Weight : 1Kg (Fritschi Diamir Freeride) per binding
Best for : Skiers looking for a versatile touring binding that can also be used with alpine boots for resort skiing
The NAXO binding was released as a Fritschi competitor.
It defining feature is a dual pivot toe section that gives an improved touring action on ascent. Despite some good initial reviews NAXO went bankrupt in 2009.
The good news is you might be able to find a cheap pair on the internet, the bad news is that spares will be hard to come by... The people we know that ski them have no complaints!
Weight : 1.1KG (NX21) per binding
Best for : Skiers looking for a bargain discountinued binding
The Marker F10/F12 were released in 2010/11. They are fundamentally a competitor for Fritschi bindings, as opposed to an alternative to the stronger Dukes / Barons - i.e a step in touring binding that can be used with normal alpine boots for resort based skiing or longer tours.
They have had great reviews and come with a DIN rating of upto 12.
The only real downside is that you need to take them off to switch into touring mode. Which could be a real hassle on undulating terrain.
Weight : 1Kg (Marker FT12) per binding
Best for : Skiers looking for an interesting alternative to Fritshci bindings
Alpine Trecker Adapter
Trecking adapters fit into conventional alpine (downhill) bindings so that they can be used for ascent. In theory its a great solution, and they are ok for short distances. We have even toured up 1000m ascents in the alps on them - However the hassle factor is high. They are a paff to set-up, heavy, and take up room in your backpack. Plus it like going up hill on stilts. They get called Alpine-Tour Wreckers for a good reason! Maybe 5 or 10 years ago they were a good option for resort skiing and short skins, and add lots of flexability - but skiers on a budget might be better spending money on a second hand touring binding?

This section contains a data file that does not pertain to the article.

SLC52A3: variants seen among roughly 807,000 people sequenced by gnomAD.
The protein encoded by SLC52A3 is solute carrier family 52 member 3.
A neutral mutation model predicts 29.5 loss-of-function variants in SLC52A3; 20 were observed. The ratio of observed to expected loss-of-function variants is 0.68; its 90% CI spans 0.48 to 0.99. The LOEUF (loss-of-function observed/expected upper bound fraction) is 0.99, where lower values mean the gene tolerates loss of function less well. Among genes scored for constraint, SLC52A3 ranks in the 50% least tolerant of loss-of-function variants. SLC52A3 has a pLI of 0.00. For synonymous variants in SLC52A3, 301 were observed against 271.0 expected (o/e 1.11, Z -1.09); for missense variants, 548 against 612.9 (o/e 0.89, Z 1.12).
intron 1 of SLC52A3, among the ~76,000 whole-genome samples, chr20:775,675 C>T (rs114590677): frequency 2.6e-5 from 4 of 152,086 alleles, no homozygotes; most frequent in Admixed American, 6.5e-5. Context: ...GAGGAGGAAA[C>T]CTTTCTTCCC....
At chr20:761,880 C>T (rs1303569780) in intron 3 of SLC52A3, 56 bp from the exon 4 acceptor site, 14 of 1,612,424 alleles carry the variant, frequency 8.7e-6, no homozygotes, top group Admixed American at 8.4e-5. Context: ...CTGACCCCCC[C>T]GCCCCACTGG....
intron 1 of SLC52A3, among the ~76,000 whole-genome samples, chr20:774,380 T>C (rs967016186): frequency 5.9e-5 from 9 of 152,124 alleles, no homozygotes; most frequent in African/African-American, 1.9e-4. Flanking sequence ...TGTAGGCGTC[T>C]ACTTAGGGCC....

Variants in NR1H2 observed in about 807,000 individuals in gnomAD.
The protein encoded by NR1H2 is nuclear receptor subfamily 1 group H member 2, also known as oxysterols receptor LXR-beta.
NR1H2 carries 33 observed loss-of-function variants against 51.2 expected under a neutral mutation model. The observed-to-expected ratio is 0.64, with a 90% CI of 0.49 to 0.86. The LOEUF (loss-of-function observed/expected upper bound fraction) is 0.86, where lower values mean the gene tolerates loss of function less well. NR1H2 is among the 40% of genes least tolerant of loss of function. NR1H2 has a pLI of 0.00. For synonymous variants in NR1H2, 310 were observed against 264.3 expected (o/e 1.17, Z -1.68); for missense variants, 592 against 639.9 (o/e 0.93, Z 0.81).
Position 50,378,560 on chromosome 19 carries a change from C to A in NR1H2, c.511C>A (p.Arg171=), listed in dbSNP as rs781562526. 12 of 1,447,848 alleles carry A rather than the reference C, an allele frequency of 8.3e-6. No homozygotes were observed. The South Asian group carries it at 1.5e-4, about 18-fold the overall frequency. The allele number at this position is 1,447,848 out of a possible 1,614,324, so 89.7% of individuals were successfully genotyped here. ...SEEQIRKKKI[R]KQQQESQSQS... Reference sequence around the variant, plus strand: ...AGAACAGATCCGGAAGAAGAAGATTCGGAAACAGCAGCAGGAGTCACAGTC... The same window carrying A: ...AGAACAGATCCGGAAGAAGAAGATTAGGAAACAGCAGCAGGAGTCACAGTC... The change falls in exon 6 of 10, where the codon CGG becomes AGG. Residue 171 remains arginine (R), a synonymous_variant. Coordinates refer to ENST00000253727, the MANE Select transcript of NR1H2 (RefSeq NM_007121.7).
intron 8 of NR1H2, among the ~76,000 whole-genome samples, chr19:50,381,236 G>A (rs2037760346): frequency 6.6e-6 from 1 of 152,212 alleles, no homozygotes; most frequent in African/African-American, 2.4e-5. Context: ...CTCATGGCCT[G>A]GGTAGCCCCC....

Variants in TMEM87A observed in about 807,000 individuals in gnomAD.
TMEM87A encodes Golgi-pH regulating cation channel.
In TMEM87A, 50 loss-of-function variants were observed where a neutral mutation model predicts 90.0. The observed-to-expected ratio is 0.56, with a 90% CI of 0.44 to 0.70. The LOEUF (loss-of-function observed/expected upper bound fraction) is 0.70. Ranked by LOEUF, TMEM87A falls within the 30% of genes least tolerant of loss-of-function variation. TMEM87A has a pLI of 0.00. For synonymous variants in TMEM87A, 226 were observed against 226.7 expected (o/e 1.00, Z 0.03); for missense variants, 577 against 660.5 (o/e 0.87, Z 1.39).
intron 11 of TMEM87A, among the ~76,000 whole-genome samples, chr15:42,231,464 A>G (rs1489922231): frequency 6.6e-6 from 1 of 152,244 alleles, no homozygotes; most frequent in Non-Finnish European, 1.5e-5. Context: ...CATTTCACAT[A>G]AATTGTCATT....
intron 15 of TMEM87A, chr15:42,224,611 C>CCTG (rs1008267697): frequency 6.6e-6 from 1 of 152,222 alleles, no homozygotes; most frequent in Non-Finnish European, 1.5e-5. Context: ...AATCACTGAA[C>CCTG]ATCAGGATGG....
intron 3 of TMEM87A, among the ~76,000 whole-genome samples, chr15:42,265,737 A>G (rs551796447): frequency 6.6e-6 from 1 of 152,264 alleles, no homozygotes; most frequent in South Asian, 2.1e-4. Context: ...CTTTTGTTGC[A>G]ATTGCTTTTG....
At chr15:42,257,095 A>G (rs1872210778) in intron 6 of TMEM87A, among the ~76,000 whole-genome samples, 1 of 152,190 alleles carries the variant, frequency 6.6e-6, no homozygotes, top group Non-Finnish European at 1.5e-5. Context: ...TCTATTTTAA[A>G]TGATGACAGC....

Weight : 650g (BCA trekker) per binding, plus 1Kg+ for alpine binding. So perhaps 1.6 Kg total.
Best for : Anyone that is looking to cheaply add touring capability to their alpine skis
Free the heel, free the mind ? Or half a binding, half a brain ?
You decide... However telemark is the purest form of skiing. Its has been around for 100s of years, and was how the original Norwegian skiers used to travel. If done properly it looks great. Plus the bindings are cheap, light, and simple - which is perfect for touring. An under rated option... The only downside is that you need special telemark boots, and your friends might think you have become a dirty hippy. Plus telemarking can be tricky in deep or variable snow conditions.
Weight : typ 750g (Rottefella R8) per binding
Best for : Purists, or anyone that is prepared to learn a new skill!
Hopefully this little summary helped someone....
Happy ski touring! When the snow is good the potential in Scotland is vast :-)